Other motorists recognized her from the Silver Alert and called 911. Pima County sheriff’s deputies responded and found Hinthorn in good health and she was reunited with her family.
Hinthorn had been tracked by authorities through her use of her debit card at ATMs, but by the time authorities arrived “she was gone. She was on the move,” said Chelita Jo, who posted on the Tucson Police Department’s Facebook soon after her mother-in-law was found that she was with her family being replenished with food and fluids at an Olive Garden restaurant.
Hinthorn no longer drives, and relatives and neighbors visit her often to make sure she is safe, said Chelita Jo. A grandson lives with the elder Hinthorn, a retired accountant who worked until about 1997 for Amphitheater Public Schools.
Sgt. Kimberly Bay, a Tucson police spokeswoman, said police investigate an estimated dozen missing persons reports of elderly or those with developmental disabilities a year.
Nearly all of them are found before a Silver Alert is issued, said Bay, including two cases earlier this month. One case was Darcy Campos, 29, who was diagnosed with epilepsy and severe autism. Campos walked away from a day program in midtown, and ended up at Banner-University Medical Center where she was listed as a Jane Doe. After a media alert was issued on Campos, hospital staff recognized her and called police.
The other case was Gene Friedrich, 70, who walked away from his care facility. Friedrich was diagnosed with Alzheimer’s. He was found safe by a person who spotted him not far from where Friedrich lives.
“We just want to find them quickly and find them safe,” said Bay. “We find most of them within the first few hours near their homes. There are some we have found across town because they hop on the bus or are given a ride.”
“The public is extremely instrumental in helping locate missing persons. Sometimes people may be driving down the road and they see a person who looks confused or out of place, and they report it. Those reports are really important,” said Bay.
With monsoon flooding and the summer’s triple-digit heat, it is especially vital for motorists to report “someone that seems out of place,” Bay said.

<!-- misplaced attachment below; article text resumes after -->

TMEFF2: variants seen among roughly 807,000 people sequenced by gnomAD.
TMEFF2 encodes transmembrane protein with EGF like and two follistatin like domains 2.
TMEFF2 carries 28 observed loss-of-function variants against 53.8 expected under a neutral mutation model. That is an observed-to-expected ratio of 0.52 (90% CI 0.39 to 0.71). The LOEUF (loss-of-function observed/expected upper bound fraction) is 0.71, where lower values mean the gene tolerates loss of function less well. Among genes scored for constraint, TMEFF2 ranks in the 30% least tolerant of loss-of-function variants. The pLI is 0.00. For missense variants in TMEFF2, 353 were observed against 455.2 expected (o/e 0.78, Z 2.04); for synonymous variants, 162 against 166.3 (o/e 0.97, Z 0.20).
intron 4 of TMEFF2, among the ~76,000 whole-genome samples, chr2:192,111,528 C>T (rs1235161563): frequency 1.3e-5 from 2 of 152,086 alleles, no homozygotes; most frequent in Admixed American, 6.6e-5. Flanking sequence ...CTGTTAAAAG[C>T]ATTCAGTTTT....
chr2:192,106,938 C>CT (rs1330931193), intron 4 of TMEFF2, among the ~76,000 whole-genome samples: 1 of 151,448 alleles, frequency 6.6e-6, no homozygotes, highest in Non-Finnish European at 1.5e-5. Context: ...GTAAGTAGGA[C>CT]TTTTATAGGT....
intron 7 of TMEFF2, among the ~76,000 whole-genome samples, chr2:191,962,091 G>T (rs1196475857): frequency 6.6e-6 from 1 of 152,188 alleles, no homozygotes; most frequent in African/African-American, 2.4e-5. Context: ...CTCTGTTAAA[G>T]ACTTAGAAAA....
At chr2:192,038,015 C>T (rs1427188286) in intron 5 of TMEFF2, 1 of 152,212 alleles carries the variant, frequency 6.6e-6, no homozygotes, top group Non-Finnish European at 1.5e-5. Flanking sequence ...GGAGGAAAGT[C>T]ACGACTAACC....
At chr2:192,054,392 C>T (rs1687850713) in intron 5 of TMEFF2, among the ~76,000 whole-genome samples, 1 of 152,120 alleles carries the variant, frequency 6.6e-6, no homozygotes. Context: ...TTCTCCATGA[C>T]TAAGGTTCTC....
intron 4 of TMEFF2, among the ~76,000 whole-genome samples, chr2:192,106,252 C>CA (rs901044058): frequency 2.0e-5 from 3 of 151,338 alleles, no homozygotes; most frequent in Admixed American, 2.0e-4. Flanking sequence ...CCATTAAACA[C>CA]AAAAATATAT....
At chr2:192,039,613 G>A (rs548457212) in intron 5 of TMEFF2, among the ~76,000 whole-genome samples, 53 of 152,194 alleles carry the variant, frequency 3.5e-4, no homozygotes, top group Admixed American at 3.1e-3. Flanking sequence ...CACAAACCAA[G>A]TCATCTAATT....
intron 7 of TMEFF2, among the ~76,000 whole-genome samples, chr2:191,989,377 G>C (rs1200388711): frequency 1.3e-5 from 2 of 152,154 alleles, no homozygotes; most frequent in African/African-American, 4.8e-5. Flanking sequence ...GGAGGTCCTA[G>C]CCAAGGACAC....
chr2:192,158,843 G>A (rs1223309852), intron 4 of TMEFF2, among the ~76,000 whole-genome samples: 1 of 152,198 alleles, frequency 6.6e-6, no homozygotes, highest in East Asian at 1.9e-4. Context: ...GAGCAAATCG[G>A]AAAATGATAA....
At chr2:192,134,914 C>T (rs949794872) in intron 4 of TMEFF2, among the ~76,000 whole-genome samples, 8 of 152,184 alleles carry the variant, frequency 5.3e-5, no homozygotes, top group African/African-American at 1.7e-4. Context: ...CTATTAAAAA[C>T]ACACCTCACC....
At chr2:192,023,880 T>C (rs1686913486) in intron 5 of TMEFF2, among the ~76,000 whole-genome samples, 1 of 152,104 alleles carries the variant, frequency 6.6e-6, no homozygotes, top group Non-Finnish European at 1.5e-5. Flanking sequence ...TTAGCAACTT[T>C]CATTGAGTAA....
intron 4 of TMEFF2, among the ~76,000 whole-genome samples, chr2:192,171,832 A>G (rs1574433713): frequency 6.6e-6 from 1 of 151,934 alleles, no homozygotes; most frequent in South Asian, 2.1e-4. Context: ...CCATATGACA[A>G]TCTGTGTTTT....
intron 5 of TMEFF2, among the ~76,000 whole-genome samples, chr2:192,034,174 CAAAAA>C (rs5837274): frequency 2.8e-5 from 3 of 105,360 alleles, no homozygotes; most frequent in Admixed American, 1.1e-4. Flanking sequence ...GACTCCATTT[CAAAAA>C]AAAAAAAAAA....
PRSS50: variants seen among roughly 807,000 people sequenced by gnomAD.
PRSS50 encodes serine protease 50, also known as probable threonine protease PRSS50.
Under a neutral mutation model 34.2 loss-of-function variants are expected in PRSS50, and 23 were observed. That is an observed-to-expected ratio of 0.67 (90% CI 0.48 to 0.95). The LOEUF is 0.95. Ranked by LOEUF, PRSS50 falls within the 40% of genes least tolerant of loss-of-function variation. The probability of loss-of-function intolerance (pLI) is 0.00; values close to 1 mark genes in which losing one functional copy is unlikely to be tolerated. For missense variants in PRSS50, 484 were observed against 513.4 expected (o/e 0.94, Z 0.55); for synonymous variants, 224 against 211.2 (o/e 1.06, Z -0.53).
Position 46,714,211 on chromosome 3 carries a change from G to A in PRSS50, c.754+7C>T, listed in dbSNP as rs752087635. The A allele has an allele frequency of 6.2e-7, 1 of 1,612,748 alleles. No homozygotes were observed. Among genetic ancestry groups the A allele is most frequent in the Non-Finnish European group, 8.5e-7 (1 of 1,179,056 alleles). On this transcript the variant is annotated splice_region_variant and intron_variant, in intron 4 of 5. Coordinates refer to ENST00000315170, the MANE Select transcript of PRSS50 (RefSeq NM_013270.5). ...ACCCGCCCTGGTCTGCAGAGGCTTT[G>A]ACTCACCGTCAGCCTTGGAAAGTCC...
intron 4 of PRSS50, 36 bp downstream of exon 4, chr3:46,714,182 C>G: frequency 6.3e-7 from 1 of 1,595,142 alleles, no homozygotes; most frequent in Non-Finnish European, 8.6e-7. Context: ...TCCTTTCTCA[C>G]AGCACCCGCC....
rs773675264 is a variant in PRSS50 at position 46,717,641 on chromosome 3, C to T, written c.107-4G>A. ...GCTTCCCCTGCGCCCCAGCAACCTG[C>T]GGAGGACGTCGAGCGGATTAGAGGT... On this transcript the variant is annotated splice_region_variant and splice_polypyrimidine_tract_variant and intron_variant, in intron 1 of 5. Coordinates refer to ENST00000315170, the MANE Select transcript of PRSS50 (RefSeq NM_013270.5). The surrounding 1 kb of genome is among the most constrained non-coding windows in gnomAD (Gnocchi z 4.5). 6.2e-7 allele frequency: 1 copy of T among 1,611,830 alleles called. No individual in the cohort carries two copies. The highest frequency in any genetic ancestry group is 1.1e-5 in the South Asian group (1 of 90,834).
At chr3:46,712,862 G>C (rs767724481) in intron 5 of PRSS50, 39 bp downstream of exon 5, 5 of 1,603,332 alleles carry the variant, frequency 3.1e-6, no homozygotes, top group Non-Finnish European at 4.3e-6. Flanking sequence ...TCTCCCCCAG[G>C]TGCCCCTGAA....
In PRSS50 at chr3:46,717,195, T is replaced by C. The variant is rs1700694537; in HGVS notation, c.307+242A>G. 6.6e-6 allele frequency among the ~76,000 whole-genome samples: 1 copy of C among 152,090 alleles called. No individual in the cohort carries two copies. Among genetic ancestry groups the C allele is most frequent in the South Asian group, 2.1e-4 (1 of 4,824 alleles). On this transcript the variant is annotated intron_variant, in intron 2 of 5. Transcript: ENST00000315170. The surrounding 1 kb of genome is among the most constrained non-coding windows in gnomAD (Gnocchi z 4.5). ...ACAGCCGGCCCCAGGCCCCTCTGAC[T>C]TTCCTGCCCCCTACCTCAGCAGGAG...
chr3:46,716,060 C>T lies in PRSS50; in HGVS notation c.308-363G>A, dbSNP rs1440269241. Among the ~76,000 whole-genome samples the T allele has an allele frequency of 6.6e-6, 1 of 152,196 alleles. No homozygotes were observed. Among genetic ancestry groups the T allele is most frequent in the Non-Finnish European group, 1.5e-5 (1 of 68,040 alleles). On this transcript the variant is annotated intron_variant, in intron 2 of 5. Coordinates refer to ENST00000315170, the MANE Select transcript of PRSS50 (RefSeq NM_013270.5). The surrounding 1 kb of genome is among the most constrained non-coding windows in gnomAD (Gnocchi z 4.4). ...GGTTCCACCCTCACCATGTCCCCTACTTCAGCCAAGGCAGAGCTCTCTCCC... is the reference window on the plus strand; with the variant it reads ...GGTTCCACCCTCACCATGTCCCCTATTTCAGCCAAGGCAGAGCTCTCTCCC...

There have been some instances in past years where a confused, lost adult from Arizona drove out of state. One such man was found in Louisiana through the Silver Alert system.
The law enforcement agency responsible for the jurisdiction where the person is reported missing must take a missing persons report, release information to the local media and exhaust resources in trying to find the missing person before the Silver Alert is activated by the DPS, said Moore. It can take at least an hour for police or deputies to meet the requirements for a Silver Alert, explained Moore.
Before the issuance of a Silver Alert, police must check hospitals, jails, residences where the missing person has lived, and check in with other agencies to make sure they did not pick up the person, Moore said.
Tragic case leads
to alert’s creation
In 2014, Gov. Jan Brewer signed legislation to create Silver Alert after state Sen. Gail Griffin, R-Hereford, and Cochise County Sheriff Mark Dannels worked to establish a system, similar to the Amber Alert but for seniors.
They were moved to act when Mary Black, 86, from the small community of St. David, drove off in her car in November 2013. Black, who had dementia, abandoned the car off Interstate 10 on a road in Pinal County and her body was found two weeks later. She had wandered about a mile from her car and died from exposure.
At that time, Dannels had said that law enforcement agencies do not always communicate with one another, and if a Silver Alert system had been in place, agencies across the state would have had information about Black’s situation .
“When we see a significant void in service related community response, we do whatever we can to fill that void,” said Dannels. “When the Cochise County Sheriff’s Office discovered that there was no mechanism in place for finding at-risk citizens in our community, (or in the state), who have disappeared, the process began to establish the Silver Alert.
“This program is a great asset to our investigative arsenal to allow the public to assist whenever we have a missing and endangered person. We are confident that with the passing of the Silver Alert program, the state of Arizona has been able to save a multitude of lives, and for that we are thankful,” the sheriff said.
“Wandering is just a huge issue.
For people with Alzheimer’s disease, it is a major danger.
Six out of 10 with Alzheimer’s will wander at some point.” Morgen Hartford, Regional director of the Alzheimer’s Association Desert Southwest Chapter in Tucson